IP change?

Matthias Hopf mhopf at
Fri May 16 11:56:13 PDT 2008

On May 16, 08 10:03:46 -0700, Dan Nicholson wrote:
> >> > > Everybody running Debian, strictly speaking.
> >> > > Other distros are not affected IIRC.
> >> >
> >> > Other non-debian based distros are not affected, but DSA keys can be,
> >> > even if they were generated on other systems: if a DSA key was used to
> >> > authenticate against a vulnerable (thus potentially compromised) server,
> >> > this key should be considered as compromised too.

According to the description Daniel posted, you have to *sign* something
on a *vulnerable* system in order to compromise your private key. And
the attacker has to know the signature and your public key.

For authentication signing is used, but the signed message and the
signature are typically never stored anywhere.

So if you never used your DSA keys to log into some other computer
*from* a vulnerable system (that has access to your private key), they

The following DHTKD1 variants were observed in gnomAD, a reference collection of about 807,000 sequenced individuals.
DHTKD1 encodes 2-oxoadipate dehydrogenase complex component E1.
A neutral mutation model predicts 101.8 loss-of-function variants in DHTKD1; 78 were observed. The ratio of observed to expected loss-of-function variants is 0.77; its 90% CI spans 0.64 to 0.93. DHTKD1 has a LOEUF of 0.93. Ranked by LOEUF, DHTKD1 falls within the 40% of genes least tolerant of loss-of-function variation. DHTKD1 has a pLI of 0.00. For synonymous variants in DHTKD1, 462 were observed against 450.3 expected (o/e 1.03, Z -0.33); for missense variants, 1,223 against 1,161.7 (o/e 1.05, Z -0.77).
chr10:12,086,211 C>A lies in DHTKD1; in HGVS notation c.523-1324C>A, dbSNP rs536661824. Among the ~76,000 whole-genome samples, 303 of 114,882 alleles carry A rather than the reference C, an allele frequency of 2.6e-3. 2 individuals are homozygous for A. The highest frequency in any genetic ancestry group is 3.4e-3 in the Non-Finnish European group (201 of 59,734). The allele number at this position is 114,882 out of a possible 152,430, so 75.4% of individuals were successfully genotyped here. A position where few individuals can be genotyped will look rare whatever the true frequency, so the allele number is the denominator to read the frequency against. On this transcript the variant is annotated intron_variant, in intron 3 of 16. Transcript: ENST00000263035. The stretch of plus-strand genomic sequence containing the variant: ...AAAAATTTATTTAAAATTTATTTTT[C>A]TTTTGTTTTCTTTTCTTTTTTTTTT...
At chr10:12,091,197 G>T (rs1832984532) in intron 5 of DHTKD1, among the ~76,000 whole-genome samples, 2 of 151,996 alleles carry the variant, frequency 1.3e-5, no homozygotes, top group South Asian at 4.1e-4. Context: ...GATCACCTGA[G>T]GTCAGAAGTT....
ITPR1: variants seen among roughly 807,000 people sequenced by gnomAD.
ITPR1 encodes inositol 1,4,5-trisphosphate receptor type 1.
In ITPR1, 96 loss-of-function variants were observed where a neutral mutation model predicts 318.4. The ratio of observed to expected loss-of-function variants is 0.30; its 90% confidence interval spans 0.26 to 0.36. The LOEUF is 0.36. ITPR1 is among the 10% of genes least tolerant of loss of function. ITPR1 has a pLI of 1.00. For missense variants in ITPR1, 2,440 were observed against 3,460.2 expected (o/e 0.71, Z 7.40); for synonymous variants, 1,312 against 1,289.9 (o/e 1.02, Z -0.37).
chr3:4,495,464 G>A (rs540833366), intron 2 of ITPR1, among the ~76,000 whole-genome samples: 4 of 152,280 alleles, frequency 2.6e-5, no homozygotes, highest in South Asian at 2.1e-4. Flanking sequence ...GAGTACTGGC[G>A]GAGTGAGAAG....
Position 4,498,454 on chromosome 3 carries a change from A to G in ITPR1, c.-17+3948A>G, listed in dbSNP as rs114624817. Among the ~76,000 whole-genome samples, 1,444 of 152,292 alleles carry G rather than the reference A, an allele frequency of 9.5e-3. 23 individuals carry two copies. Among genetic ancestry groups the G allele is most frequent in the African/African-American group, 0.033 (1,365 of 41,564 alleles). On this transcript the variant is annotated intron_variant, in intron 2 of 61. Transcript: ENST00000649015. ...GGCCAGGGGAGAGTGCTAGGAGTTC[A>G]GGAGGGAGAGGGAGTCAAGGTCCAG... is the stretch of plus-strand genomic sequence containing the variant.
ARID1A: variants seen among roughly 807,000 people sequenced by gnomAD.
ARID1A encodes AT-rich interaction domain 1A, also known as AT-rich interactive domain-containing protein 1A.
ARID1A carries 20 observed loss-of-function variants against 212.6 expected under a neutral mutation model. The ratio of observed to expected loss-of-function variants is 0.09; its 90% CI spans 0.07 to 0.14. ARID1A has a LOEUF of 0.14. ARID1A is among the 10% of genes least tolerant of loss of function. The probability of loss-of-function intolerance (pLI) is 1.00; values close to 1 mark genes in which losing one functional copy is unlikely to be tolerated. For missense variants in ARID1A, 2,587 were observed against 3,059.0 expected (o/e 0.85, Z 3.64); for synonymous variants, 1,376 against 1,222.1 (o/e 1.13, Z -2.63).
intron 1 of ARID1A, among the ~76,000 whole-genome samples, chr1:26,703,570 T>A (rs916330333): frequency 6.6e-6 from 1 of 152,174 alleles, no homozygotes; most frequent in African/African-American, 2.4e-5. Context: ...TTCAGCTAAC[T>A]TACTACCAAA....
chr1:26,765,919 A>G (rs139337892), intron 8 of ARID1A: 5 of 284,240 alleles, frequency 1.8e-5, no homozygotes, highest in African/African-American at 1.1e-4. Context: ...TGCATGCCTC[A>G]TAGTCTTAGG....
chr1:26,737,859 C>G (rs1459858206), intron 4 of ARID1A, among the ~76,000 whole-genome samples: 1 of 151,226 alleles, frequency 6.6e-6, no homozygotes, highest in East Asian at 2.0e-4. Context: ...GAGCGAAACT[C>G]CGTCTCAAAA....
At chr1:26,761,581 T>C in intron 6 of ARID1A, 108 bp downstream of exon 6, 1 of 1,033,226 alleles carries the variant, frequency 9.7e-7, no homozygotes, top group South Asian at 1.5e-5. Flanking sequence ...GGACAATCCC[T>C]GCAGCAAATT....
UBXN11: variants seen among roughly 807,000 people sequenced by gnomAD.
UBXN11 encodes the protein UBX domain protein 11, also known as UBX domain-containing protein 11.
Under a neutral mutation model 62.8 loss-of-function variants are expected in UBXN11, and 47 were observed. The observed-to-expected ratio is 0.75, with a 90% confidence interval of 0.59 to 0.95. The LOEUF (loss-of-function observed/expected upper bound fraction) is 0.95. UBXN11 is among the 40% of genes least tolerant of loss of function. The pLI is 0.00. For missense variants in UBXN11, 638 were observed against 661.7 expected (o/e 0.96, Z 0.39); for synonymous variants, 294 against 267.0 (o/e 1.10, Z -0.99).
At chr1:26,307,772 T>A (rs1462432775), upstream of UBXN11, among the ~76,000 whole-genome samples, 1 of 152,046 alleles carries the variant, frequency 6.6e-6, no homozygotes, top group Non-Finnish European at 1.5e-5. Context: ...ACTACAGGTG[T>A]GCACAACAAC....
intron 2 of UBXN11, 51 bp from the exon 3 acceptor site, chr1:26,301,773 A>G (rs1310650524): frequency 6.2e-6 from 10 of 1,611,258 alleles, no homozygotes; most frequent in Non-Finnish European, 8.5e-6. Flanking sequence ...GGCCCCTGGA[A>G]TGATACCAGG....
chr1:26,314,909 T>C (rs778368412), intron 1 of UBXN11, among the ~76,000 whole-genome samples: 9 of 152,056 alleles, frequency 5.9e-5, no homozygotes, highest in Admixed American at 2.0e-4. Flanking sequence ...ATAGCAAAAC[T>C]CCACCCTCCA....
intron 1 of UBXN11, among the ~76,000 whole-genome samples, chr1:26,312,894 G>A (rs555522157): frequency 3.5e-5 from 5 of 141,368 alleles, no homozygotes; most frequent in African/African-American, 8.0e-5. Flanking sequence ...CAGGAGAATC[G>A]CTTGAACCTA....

are still safe. Also, they are safe if you're sure that there was no
man-in-the-middle attack at that time and the host you're connecting to
is safe as well.

Read: if all systems that have access to your private keys haven't been
vulnerable, your keys are safe. In many other cases they are safe as

Also read: if the private key has been created on a vulnerable system,
it is never safe. But that was known already.

This goes with the typical disclaimer, it's what I understood from a
short read of the articles.

I'm also unsure about RSA, but AFAIR you cannot easily guess from the
signature and the public key your private key, AFAIR there is never a
random number involved in RSA signatures.



Matthias Hopf <mhopf at>      __        __   __
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Phone +49-911-74053-715           __)  |_|  __)  |__  R & D

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